- ☛ “Mystery Deeping,” Perry Daily Chief, April 19, 1902.
- ☛ “Mystery Yet Unsolved,” Des Moines Daily Leader, April 18, 1902.
- ☛ “Negroes Pass Resolutions,” Des Moines Daily Leader, April 22, 1902.
- ☛ “New Clue Found in Peterson Murder,” Des Moines Capital, April 21, 1902.
- ☛ “New Detective Theory,” Des Moines Daily Leader, April 23, 1902.
- ☛ “Nothing Less Than Hanging Will Suffice,” Des Moines Daily News, April 17, 1902.
- ☛ “Officers Find No Clue,” Des Moines Daily Leader, April 24, 1902.
- ☛ “Old Time Mystery Cleared,” Pella Chronicle, July 28, 1921.
- ☛ Perry Daily Chief, September 9, 1902.
- ☛ “Peterson Calls On The Police,” Des Moines Daily Leader,” May 1, 1902.
- ☛ “Peterson Murder Case,” Roland Record, November 5, 1902.
- ☛ “Peterson Murder Case,” Anita Republican, November 5, 1902.
- ☛ “The Peterson Murders,” Des Moines Daily Leader, April 15, 1902.
- ☛ “Police Try To Force A Confession,” Des Moines Daily News, April 14, 1902.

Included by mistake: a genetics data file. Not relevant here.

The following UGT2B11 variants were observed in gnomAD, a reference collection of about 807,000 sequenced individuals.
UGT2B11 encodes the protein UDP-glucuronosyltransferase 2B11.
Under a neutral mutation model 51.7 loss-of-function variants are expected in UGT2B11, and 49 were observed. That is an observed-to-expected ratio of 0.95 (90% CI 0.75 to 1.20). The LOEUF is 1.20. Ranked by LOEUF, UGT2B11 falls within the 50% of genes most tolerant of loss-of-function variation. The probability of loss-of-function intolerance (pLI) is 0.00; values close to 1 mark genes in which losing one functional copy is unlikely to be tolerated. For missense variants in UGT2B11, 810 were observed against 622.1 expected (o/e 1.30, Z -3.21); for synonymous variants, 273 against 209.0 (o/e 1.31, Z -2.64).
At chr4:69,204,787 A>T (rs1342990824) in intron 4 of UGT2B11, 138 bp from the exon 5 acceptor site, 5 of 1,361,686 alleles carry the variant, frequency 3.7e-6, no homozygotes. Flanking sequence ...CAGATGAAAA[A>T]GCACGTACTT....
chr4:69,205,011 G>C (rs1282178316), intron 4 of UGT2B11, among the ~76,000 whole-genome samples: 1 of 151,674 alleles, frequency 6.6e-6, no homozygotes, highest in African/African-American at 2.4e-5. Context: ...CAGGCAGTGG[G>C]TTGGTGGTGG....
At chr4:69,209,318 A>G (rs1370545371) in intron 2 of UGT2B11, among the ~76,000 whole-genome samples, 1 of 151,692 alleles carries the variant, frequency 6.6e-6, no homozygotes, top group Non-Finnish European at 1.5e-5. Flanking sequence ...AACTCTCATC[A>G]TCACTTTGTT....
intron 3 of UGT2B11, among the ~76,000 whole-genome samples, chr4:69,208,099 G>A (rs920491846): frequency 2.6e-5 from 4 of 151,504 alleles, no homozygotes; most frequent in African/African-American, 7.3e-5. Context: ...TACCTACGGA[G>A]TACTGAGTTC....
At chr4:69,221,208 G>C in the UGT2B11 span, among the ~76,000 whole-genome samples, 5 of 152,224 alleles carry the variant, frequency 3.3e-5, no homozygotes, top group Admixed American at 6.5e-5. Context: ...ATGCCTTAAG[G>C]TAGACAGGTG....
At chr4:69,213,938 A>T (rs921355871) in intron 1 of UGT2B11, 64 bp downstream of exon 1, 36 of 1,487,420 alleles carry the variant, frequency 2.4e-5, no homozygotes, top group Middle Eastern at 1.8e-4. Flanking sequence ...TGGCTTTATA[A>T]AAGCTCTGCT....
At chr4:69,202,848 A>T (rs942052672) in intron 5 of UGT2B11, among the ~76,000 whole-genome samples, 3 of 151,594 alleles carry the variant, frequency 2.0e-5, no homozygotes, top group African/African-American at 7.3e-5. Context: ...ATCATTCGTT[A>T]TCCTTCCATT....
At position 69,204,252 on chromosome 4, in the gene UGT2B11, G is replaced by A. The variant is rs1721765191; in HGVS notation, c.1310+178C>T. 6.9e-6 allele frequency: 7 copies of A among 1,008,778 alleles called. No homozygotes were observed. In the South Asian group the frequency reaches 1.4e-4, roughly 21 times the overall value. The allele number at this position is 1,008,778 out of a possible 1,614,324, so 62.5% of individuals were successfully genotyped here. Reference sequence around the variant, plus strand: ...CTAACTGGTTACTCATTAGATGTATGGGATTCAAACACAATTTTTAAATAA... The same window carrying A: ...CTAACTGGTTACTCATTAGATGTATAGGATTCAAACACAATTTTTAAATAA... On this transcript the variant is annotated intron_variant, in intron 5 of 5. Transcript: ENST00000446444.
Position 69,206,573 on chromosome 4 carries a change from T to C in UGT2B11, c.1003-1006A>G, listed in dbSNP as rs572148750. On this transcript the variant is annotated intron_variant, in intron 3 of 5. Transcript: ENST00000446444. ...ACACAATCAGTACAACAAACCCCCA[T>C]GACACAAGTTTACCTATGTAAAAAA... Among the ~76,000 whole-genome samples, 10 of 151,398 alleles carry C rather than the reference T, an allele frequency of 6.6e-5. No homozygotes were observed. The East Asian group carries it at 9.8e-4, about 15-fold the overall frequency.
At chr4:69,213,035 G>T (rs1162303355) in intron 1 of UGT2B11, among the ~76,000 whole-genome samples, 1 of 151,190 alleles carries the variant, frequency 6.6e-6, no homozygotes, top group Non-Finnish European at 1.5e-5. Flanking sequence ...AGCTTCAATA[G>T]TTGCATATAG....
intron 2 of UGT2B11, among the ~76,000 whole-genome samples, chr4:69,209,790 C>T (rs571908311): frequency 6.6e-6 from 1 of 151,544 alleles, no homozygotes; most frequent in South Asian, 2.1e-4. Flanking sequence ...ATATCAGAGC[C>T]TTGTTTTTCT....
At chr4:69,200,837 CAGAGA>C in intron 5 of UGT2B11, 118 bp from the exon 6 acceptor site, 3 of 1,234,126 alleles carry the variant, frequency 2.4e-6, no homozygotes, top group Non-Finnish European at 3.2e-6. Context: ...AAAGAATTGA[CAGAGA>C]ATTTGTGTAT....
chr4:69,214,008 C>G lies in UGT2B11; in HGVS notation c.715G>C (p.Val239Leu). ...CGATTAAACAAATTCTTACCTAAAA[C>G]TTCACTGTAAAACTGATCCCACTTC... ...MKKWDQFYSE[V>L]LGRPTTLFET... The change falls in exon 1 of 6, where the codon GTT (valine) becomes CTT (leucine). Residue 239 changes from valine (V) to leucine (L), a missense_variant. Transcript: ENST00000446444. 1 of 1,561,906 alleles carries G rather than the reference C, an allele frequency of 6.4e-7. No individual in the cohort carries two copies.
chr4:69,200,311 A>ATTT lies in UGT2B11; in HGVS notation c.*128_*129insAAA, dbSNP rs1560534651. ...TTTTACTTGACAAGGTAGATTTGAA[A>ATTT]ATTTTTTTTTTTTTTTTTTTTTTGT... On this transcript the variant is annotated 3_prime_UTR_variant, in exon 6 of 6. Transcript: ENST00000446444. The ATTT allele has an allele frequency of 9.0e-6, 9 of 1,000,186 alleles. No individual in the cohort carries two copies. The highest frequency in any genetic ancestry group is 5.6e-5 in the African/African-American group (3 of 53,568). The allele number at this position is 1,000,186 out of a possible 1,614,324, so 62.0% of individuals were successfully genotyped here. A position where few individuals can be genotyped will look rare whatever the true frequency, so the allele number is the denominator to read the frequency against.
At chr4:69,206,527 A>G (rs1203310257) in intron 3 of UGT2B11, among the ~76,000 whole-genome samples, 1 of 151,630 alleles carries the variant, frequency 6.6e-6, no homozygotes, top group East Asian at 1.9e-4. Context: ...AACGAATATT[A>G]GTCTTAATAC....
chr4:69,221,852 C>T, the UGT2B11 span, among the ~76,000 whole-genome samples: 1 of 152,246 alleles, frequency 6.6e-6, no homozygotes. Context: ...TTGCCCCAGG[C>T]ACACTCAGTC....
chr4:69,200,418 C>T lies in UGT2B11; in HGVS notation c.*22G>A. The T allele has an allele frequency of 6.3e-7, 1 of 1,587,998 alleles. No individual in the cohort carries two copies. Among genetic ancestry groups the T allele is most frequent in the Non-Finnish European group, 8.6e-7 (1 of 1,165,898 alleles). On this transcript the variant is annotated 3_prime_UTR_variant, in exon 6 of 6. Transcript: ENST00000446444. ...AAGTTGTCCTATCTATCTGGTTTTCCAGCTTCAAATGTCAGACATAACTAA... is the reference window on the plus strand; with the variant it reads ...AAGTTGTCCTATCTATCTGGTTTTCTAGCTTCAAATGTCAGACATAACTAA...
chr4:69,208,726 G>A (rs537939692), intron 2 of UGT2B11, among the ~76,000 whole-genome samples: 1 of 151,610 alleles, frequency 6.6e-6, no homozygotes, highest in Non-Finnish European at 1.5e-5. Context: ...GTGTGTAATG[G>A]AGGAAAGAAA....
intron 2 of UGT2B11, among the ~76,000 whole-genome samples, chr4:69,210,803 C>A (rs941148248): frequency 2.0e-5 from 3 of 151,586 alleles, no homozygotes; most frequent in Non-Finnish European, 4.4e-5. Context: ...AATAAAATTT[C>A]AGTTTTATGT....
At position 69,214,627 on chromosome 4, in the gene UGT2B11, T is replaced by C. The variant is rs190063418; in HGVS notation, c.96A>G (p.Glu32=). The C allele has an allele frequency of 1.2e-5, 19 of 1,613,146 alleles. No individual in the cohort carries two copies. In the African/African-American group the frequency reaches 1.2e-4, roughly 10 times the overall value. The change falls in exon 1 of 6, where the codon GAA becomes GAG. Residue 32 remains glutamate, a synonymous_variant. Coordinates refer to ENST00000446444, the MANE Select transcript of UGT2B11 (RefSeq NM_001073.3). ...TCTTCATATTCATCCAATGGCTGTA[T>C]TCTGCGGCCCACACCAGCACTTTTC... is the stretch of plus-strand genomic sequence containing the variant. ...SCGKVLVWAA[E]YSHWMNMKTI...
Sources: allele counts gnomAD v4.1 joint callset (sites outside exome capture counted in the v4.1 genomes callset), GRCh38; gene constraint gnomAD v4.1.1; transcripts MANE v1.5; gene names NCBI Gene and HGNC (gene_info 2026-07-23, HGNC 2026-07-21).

- ☛ Semi-Weekly Cedar Falls Gazette, September 19, 1902.
- ☛ “Suspected Of Des Moines Murders,” Cedar Rapids Republican, April 18, 1902.
- ☛ “Take Testimony To Show Guilt Of Tom Lewis,” Des Moines Daily News, September 9, 1902.
- ☛ “Two Ways To Meet Charges,” Waterloo Evening Courier, July 27, 1921.
- ☛ “Thousands Visit Bier of Murdered Children,” Des Moines Daily News, April 16, 1902.
- ☛ U.S. Census.
- ☛ “Was A Huge Joke,” Dubuque Telegraph-Herald, September 13, 1902.
- ☛ “Yellow Journalism in Des Moines,” Des Moines Daily Leader, April 22, 1902.